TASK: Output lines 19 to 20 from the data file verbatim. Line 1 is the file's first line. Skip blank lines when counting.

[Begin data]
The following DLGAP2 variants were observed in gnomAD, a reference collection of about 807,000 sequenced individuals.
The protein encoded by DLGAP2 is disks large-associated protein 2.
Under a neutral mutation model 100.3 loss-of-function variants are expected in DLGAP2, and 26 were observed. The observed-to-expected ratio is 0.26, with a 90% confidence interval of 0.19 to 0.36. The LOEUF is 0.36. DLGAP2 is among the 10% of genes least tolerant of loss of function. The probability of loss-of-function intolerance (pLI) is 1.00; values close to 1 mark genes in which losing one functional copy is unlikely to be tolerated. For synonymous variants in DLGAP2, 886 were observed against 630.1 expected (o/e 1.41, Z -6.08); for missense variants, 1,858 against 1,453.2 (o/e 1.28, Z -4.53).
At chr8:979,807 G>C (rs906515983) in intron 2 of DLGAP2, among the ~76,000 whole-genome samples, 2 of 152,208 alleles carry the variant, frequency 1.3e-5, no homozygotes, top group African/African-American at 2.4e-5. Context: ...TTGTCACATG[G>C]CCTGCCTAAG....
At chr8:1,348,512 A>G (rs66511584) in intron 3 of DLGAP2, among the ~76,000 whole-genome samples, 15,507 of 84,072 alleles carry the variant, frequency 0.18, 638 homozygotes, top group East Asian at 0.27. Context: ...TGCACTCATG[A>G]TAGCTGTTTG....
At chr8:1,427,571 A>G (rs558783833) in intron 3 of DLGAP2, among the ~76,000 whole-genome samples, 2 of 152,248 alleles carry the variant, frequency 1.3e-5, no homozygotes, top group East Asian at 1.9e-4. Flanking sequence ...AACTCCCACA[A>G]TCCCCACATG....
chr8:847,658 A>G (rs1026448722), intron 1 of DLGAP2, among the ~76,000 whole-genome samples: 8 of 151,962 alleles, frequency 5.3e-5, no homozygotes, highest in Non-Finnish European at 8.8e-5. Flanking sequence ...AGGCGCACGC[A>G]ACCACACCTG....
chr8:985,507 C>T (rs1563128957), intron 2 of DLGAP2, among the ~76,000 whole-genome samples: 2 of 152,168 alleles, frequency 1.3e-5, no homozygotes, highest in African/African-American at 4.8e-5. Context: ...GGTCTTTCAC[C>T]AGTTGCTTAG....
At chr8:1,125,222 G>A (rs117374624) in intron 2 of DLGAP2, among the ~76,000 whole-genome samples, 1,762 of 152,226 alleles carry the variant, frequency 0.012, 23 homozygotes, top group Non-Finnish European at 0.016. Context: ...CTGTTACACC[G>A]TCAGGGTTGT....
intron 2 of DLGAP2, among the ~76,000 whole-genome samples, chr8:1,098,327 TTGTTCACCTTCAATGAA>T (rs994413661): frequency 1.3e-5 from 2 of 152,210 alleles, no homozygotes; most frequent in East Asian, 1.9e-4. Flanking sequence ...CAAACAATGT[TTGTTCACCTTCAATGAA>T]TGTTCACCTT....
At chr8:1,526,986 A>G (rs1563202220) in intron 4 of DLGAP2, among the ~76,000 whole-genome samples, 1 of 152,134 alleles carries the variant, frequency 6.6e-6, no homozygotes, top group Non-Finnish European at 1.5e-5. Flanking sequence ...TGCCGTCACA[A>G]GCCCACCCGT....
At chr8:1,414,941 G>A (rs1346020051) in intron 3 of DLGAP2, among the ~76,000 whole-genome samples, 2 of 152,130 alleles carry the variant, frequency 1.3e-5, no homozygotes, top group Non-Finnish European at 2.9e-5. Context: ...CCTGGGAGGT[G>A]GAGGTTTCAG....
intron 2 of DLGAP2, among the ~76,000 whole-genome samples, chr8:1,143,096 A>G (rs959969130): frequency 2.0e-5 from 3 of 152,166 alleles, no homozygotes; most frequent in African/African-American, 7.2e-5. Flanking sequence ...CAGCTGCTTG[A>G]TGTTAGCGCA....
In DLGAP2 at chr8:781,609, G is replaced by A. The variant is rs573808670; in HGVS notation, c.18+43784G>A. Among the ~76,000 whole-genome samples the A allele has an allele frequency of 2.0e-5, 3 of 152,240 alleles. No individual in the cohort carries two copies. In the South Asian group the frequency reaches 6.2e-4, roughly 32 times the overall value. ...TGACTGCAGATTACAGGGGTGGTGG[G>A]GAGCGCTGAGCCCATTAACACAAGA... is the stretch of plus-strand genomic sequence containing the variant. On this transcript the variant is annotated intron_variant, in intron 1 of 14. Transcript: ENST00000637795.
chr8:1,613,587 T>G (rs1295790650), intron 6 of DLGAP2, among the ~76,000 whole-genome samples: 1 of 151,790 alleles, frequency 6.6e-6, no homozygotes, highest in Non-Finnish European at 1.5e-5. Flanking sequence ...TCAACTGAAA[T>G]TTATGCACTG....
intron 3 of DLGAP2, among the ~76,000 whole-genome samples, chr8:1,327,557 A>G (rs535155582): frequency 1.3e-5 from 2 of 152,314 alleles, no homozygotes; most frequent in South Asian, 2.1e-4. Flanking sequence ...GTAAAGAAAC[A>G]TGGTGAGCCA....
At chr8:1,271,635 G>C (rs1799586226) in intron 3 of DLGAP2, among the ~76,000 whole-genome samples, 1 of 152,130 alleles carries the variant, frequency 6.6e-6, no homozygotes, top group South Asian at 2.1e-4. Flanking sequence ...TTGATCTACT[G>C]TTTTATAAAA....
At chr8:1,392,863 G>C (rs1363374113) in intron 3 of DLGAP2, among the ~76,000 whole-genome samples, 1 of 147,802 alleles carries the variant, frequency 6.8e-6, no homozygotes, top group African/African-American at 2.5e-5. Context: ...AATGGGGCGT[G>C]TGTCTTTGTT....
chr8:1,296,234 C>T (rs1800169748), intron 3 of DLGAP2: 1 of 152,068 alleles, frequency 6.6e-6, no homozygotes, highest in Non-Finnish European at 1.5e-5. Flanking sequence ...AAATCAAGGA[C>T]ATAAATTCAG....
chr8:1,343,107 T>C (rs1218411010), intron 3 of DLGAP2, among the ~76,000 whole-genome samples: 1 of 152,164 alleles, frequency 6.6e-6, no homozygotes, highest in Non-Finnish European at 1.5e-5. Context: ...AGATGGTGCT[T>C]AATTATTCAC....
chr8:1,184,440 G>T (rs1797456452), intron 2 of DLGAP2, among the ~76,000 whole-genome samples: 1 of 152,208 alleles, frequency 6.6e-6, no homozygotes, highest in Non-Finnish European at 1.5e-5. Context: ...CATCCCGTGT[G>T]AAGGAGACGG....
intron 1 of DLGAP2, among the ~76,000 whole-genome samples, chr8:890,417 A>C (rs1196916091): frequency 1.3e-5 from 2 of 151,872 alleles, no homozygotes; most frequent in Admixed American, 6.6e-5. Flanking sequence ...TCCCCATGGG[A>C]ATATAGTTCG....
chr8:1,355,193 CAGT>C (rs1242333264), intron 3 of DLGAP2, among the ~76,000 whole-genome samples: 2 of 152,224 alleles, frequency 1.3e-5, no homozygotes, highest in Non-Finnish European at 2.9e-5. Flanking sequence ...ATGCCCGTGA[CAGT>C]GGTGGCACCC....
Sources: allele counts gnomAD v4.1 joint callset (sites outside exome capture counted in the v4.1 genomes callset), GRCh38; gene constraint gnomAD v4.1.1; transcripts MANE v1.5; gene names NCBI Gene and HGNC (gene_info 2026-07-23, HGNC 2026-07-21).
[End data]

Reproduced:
chr8:1,296,234 C>T (rs1800169748), intron 3 of DLGAP2: 1 of 152,068 alleles, frequency 6.6e-6, no homozygotes, highest in Non-Finnish European at 1.5e-5. Flanking sequence ...AAATCAAGGA[C>T]ATAAATTCAG....
chr8:1,343,107 T>C (rs1218411010), intron 3 of DLGAP2, among the ~76,000 whole-genome samples: 1 of 152,164 alleles, frequency 6.6e-6, no homozygotes, highest in Non-Finnish European at 1.5e-5. Context: ...AGATGGTGCT[T>C]AATTATTCAC....